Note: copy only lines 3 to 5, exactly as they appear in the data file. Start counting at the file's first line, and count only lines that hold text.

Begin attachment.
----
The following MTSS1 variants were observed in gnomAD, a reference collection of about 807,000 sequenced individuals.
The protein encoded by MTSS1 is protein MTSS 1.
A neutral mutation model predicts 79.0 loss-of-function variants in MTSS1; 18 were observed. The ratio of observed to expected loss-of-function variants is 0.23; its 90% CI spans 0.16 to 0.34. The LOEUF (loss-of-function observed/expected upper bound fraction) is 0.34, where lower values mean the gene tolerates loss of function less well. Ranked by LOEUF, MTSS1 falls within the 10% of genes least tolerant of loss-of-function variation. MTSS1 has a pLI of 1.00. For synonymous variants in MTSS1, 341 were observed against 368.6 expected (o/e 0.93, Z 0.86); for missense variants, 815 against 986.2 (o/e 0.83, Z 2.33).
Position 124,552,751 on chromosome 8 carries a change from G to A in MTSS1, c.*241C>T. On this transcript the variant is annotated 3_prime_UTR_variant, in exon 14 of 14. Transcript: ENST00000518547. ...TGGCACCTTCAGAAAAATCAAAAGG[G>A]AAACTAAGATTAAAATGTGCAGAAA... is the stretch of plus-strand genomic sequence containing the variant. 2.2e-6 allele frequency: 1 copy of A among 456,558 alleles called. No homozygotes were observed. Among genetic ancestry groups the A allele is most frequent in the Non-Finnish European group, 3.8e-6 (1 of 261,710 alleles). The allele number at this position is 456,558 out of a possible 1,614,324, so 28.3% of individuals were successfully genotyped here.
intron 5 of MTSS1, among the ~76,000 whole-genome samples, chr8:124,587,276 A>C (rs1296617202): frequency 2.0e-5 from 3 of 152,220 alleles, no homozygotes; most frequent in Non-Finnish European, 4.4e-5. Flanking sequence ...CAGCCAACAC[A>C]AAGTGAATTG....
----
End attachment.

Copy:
A neutral mutation model predicts 79.0 loss-of-function variants in MTSS1; 18 were observed. The ratio of observed to expected loss-of-function variants is 0.23; its 90% CI spans 0.16 to 0.34. The LOEUF (loss-of-function observed/expected upper bound fraction) is 0.34, where lower values mean the gene tolerates loss of function less well. Ranked by LOEUF, MTSS1 falls within the 10% of genes least tolerant of loss-of-function variation. MTSS1 has a pLI of 1.00. For synonymous variants in MTSS1, 341 were observed against 368.6 expected (o/e 0.93, Z 0.86); for missense variants, 815 against 986.2 (o/e 0.83, Z 2.33).
Position 124,552,751 on chromosome 8 carries a change from G to A in MTSS1, c.*241C>T. On this transcript the variant is annotated 3_prime_UTR_variant, in exon 14 of 14. Transcript: ENST00000518547. ...TGGCACCTTCAGAAAAATCAAAAGG[G>A]AAACTAAGATTAAAATGTGCAGAAA... is the stretch of plus-strand genomic sequence containing the variant. 2.2e-6 allele frequency: 1 copy of A among 456,558 alleles called. No homozygotes were observed. Among genetic ancestry groups the A allele is most frequent in the Non-Finnish European group, 3.8e-6 (1 of 261,710 alleles). The allele number at this position is 456,558 out of a possible 1,614,324, so 28.3% of individuals were successfully genotyped here.
intron 5 of MTSS1, among the ~76,000 whole-genome samples, chr8:124,587,276 A>C (rs1296617202): frequency 2.0e-5 from 3 of 152,220 alleles, no homozygotes; most frequent in Non-Finnish European, 4.4e-5. Flanking sequence ...CAGCCAACAC[A>C]AAGTGAATTG....